- Fees — Many lines of credit come with fees, including an annual fee and, usually, a fee for overdrafts.
- Risk of overspending — Having a line of credit at your disposal can make it tempting to spend money and put yourself further in debt.
You can see your prequalified personal loan rates in minutes using Credible.
You’ll typically need a strong credit score to qualify for a personal line of credit. Since these financial vehicles are unsecured, they present a greater risk for the lender. As a result, lenders often want reassurance that you have a decent repayment history and stable income.
In addition to filling out a few forms, you’ll also need to submit to a credit check, and provide proof of income as part of the application process.
It’s worth noting that if you’re approved for one, opening a personal line of credit may actually help your credit score. For one, it can help lower your credit utilization rate, which is the measure of how much credit you're using versus how much is available to you. And making payments on time could help to strengthen your overall payment history.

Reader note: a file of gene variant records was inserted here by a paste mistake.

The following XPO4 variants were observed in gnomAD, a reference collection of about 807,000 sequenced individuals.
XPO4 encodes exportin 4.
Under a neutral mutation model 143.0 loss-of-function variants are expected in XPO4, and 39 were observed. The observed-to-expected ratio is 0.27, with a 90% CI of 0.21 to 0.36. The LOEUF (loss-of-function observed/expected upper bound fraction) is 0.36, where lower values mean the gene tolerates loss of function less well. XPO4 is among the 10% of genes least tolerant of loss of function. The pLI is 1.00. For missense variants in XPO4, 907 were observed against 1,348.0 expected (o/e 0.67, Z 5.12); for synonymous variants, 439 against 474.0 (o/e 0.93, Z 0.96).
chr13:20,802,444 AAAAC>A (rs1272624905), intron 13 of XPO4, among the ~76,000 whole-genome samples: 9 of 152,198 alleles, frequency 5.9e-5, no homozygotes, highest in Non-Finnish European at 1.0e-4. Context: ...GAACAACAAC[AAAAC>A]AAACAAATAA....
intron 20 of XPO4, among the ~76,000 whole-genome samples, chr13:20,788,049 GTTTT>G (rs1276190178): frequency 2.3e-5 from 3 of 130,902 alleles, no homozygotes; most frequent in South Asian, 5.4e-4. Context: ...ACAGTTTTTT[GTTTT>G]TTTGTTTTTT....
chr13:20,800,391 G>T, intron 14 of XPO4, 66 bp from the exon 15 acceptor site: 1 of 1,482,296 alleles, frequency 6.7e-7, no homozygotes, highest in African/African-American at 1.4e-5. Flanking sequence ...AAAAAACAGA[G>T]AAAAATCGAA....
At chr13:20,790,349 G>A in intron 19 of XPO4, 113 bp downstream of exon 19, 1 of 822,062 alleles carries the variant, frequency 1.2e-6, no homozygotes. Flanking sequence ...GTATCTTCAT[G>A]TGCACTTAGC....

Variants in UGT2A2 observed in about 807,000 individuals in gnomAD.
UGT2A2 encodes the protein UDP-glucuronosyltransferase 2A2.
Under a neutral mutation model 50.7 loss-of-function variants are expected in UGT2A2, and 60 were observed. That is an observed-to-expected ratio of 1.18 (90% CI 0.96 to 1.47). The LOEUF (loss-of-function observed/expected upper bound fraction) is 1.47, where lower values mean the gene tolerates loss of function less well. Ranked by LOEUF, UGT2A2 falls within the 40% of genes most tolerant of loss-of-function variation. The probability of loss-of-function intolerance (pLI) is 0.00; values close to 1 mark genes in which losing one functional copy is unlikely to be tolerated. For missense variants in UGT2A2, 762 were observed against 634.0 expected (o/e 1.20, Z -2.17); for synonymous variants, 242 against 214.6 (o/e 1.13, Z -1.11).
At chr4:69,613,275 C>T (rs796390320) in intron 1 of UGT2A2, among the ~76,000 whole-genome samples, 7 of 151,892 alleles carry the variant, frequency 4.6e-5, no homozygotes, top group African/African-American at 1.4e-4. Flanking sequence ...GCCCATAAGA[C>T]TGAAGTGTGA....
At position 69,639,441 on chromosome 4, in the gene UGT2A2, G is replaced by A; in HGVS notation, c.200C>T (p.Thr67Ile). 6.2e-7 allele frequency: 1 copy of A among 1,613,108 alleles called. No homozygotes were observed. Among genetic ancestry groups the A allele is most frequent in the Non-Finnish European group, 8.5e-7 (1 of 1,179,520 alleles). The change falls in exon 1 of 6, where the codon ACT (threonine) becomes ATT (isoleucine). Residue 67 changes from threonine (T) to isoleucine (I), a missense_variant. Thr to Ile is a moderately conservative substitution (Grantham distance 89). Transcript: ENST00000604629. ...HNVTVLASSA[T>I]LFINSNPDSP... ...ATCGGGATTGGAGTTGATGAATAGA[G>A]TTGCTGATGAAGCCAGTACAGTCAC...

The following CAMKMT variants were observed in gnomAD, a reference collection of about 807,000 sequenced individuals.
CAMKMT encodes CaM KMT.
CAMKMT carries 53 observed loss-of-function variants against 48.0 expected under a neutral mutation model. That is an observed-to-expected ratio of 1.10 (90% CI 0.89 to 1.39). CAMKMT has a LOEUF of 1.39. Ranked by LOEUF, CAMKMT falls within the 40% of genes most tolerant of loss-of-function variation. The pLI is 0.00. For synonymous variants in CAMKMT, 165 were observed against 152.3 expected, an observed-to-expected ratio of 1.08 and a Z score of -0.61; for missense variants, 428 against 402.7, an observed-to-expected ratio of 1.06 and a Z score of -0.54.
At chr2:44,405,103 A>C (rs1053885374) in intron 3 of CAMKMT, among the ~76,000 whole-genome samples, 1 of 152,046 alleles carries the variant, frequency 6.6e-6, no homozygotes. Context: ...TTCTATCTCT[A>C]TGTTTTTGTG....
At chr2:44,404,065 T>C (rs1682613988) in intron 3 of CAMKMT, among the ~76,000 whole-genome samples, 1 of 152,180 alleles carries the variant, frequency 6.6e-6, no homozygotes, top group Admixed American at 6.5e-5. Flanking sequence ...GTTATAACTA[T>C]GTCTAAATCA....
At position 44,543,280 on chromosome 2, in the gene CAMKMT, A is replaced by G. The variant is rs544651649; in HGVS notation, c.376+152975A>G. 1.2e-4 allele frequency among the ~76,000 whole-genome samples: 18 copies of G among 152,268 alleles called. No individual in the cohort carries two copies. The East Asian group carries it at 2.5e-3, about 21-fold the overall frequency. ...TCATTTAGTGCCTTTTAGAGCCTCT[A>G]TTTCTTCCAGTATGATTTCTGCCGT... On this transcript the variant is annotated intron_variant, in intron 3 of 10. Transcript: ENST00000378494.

Repaying a personal line of credit depends on which terms you and your lender agree on. In general, you can repay the line of credit in one of three ways:
- Draw and repayment periods — This is the most common way to repay a personal line of credit. You borrow money as needed during your draw period and only pay interest on the amount that you’ve borrowed. Then, during the repayment period, you’ll be responsible for making payments on both the interest and the remaining principal balance.